Not long ago, a client wanted to fit a set of data points to a Weibull curve of the form:

The earlier example Find an exponential least squares fit for a set of points in C# explains how to find a least squares fit for exponential data. This example uses a similar technique with the following differences:

- This example uses a different function F, error function E, and partial derivatives
- This example’s functions have 4 parameters a, b, c, and d instead of just 3
- The ranges for test values of a, b, c, and d are different so they fit the data better

The following code shows the function.

// Return the function for x, a, b, and c. public static double F(double x, double a, double b, double c, double d) { return a - b * Math.Exp(-c * Math.Pow(x, d)); }

The following method calculates the error squared for a set of points and the coefficients a, b, c, and d.

// Return the sum of errors squared for // the given points and parameters. public static double ErrorSquared(List<PointF> pts, double a, double b, double c, double d) { double total_error = 0; for (int i = 0; i < pts.Count; i++) { double new_error = pts[i].Y - F(pts[i].X, a, b, c, d); if (total_error > 1E+15) break; total_error += new_error * new_error; } return total_error; }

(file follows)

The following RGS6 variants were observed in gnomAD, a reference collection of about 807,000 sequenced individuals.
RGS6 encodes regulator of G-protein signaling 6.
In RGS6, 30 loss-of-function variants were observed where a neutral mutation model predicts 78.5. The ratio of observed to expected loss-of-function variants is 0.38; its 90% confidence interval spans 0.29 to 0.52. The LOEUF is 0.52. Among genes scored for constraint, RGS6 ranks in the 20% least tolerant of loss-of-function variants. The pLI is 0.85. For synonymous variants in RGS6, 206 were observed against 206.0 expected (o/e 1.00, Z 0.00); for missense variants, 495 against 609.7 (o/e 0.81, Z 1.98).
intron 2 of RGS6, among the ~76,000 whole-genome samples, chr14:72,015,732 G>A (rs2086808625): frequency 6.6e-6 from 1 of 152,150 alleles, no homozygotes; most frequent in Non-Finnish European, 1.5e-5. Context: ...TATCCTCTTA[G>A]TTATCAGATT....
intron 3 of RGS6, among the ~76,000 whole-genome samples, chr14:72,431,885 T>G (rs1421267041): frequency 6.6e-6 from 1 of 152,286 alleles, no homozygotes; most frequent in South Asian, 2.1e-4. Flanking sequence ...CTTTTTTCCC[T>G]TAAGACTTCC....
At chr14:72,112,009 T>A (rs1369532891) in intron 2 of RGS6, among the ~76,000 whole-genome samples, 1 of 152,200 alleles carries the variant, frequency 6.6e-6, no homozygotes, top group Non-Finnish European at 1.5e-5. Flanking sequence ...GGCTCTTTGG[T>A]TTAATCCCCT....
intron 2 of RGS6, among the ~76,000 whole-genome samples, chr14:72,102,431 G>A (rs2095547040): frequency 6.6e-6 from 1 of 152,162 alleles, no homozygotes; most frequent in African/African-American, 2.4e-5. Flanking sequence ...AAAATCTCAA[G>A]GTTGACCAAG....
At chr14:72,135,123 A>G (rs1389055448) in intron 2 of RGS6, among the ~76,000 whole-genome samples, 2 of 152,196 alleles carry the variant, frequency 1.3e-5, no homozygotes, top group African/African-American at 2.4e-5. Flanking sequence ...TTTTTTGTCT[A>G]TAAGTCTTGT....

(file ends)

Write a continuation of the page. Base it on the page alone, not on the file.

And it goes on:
This method calculates the function’s values at each point’s X coordinate, subtracts that from the data point’s X value, and squares the differences. It adds up the results for all of the points.

Like the previous example, this program uses the error function’s gradient to follow the surface (in this case a 4D surface) towards a minimum. To do that it uses the error function’s partial derivatives. For example, the following method calculates the function’s partial derivative with respect to a.

// dE/da private static double dEda(List<PointF> pts, double a, double b, double c, double d) { double total = 0; for (int i = 0; i < pts.Count; i++) { total += 2 * (F(pts[i].X, a, b, c, d) - pts[i].Y) * dFda(pts[i].X, a, b, c, d); } return total; }

The program uses the partial derivatives to find the error function’s gradient and then follows the opposite of the gradient to a minimum. See the earlier example for more details about how this technique works. For more information on classical Weibull functions, see: